What Effects Does Oil Drilling Have on the Ocean?

What Effects Does Oil Drilling Have on the Ocean
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A 2010 explosion at an offshore oil rig released millions of gallons of oil into the Gulf of Mexico. This environmental disaster contaminated over 1,000 miles of coastline and caused health problems for coastal residents. Offshore drilling doesn’t always cause such catastrophic effects, but disadvantages to extracting oil from the ocean’s floor certainly exist.

Spills Cause the Most Damage

The National Oceanic and Atmospheric Administration reports that it responds to over one hundred chemical and oil spills every year in U.S. waters. These spills can have major economic impacts, disrupt transportation and harm people. As seen with the 2010 Gulf of Mexico explosion, these types of oil spills are possible wherever crews drill for oil offshore. Spills from offshore drilling accidents can also affect coral reefs and marine life. Oiled birds, for example, can lose their ability to hunt for food and fly. Spills may also expose people to unsafe seafood if oil contaminates fish and shrimp.

Unwelcome Sonic Disturbances

It doesn't take an oil spill to harm fish, crabs and other marine life. Offshore exploration teams often use air guns to send sound waves into the ocean. The sound bounces off the ocean floor and enables crews to generate maps that can identify potential underwater drilling areas. Because dolphins and other marine mammals use sound to find food, communicate and travel, these powerful sound waves can disrupt their lives. Seismic surveys may cover up to 600 miles and last over two weeks.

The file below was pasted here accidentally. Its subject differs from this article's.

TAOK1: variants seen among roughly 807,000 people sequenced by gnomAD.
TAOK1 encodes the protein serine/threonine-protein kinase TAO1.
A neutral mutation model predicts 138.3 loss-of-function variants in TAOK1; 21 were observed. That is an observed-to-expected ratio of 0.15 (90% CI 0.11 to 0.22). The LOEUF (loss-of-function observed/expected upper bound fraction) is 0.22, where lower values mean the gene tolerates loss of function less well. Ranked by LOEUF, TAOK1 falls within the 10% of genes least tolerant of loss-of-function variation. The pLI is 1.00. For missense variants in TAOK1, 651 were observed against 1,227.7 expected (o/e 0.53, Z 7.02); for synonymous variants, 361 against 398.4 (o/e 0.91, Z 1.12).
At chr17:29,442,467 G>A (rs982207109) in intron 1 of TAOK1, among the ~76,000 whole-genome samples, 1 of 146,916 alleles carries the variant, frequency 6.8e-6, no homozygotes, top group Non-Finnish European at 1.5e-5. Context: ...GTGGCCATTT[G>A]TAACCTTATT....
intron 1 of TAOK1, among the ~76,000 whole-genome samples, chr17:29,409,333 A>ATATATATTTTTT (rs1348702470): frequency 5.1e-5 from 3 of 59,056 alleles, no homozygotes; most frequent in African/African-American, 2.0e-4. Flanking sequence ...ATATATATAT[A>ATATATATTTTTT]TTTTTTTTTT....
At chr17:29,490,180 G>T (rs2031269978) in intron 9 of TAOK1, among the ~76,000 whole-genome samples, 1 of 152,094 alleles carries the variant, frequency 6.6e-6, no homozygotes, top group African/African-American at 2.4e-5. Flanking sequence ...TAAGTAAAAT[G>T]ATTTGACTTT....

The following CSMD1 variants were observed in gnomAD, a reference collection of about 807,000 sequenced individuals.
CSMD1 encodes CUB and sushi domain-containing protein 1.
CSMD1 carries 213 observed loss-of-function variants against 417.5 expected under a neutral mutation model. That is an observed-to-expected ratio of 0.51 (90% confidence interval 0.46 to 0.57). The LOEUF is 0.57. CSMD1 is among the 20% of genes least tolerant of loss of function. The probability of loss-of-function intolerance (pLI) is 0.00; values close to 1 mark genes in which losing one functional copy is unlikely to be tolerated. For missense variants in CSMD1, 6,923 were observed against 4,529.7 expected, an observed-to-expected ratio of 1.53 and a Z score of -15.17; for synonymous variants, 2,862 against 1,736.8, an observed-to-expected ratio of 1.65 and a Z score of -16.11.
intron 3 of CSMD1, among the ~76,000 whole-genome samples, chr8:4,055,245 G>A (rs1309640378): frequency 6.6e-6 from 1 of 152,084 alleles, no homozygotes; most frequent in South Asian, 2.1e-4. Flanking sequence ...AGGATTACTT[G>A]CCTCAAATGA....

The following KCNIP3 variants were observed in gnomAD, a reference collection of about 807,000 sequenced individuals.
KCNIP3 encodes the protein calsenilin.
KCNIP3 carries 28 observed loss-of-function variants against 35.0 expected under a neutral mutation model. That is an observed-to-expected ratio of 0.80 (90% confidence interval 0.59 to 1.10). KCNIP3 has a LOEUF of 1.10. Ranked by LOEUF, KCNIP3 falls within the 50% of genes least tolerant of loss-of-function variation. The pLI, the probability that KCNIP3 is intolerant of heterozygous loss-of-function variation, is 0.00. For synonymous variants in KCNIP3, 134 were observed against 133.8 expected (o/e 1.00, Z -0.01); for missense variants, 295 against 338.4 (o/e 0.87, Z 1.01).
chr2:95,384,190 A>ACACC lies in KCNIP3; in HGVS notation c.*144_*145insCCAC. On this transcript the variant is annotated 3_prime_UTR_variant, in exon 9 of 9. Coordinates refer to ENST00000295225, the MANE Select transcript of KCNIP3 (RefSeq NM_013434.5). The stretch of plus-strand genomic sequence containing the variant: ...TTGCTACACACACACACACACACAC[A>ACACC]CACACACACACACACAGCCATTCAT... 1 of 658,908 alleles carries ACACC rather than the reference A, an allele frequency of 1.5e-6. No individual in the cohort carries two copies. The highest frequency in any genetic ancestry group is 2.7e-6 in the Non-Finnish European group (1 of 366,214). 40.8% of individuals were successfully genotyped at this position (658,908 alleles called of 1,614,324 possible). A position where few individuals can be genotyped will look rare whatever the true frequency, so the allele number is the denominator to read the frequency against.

Safe Waste Disposal

Offshore drilling creates waste materials such as bilge water, cement, trash and chemical products. The U.S. Environmental Protection Agency regulates these wastes and drilling companies send the wastes to shore for disposal, or treat the waste products and release them back into the ocean. The EPA prohibits companies from releasing trash and chemical products. Most of the waste that an offshore drilling produces is drilling muds, formation water and cuttings. Drilling muds, also called drilling fluids, lubricate a rig's drill bit.

Human Safety Concerns

The potential for injury and death always looms on offshore oil rigs. While some crew members lost their lives in the 2010 Gulf of Mexico incident, other rigs have lost crews as well. In 1982, for instance, the largest drilling rig in the world at that time sank during a storm. All 84 members of that crew lost their lives. Technology has advanced since that time but drilling offshore, particularly in icy areas, remains dangerous.

Pending Offshore Drilling Legislation

As of January 2014, recommendations that could improve government inspections of offshore oil rigs are awaiting congressional action. These inspections could help ensure that rigs are safe and minimize the risk of another catastrophe. Drilling companies would have to pay fees to fund inspections.